Tuesday, 29 January 2013

Let’s be totally, brutally honest, Governments don’t want to tackle social care.


Let’s be totally, brutally honest, Governments don’t want to tackle social care.

They may want to be seen as dealing with social care but the reality is to tackle it properly will cost money and Ministers would rather spend that money on things that get them re-elected than on an area which, frankly, does little to ignite the public imagination.

There are, of course, many individual MPs who are intensely passionate about social care as the recent debate on dementia showed, many have personal experiences of dementia, ageing and social care and they bring at least some balance to the lack of real debate on tackling largely unanswered questions on the future of social care.

While social care may fail to ignite public imagination it does, frequently spark public indignation. Widely publicised cases of abuse or of people having to sell homes to pay for social care  lead the social care debate and, while the majority of those who receive social care services are satisfied with their care, it is the negatives that drive Government reaction to social care and influence policy making decisions.

This, unfortunately and detrimentally to social care, means that the reality of today’s society is ignored completely in favour of short term reaction.

The reality is people are living longer and because of that there are an increasing number of people who need or will need social care services as the get older. Ageing increases to probability of age related conditions in turn increasing the need for people needing support in their everyday lives. Whilst, rightly, people are encouraged and supported to remain at home as they age there also has to be a recognition this will not always be possible nor will it always be in the best interest of the person. So we also need to recognise and acknowledge the place of care homes in the social care system.

The perception of care homes is, perhaps, outdated. The image of a home for retired genteel folk is outdated and the reality is that those who do go into residential or nursing care do so at a much later age and those care providers are having to become increasingly specialised in dealing with age related conditions, such as dementia, incontinence and osteoporosis. Yet the need for such specialism, and the cost of it, goes largely unrecognised in Government policy.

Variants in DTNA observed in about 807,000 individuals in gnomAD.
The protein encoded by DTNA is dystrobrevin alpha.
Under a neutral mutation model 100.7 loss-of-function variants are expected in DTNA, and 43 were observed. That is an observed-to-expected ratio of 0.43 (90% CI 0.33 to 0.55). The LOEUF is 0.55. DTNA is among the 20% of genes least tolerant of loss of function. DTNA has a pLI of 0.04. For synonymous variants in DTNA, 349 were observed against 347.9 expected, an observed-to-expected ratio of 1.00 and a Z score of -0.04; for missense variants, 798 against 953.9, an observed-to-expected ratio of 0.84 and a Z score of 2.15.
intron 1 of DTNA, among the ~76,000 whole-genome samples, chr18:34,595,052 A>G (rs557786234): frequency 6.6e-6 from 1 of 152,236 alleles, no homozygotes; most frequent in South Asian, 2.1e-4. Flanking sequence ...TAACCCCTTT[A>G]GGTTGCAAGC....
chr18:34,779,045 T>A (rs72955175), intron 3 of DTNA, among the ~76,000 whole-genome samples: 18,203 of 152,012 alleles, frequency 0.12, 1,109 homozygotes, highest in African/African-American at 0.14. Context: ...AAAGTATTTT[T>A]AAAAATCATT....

Naturally not all care providers are perfect and there are certainly those who do not provide the necessary training in the specialisms required and those whose sole aim is profitability rather than care provision yet they can only exist in a culture that doesn’t focus on the reality of social care and policy that fails to meet this reality.

The ageing society also provides other challenges to social policy that Governments have failed to tackle. People with disabilities are also living longer and need services to meet the challenges of ageing. Many people with learning disabilities are unknown to social services and support during their life by their parents, but as they age, and their parents age or pass away, they are increasingly in need of social care services yet social policy has yet to recognise this demographic and appropriate services are in woefully short supply.

Not everyone who needs social care services is over the age of 65 and that needs to be equally recognised. For these individuals the issue of who pays for social care is unimportant and many of the health related ideas of integration are minimal compared with the need for integrated services in housing and employment.

If society is to provide the best possible social care to those who need it we need to recognise the changes to society and the increasing importance of social care to our society. We need to change how we think about social care and recognise that ageing comes to all of us and our own future is equally tied into social care policy as that of those who need social care services now.

Government, of whatever colour, must lead the change in thinking about social care, it must raise the debate for all who need social care services, no matter what age and it must find the money to meet the demands of social care now.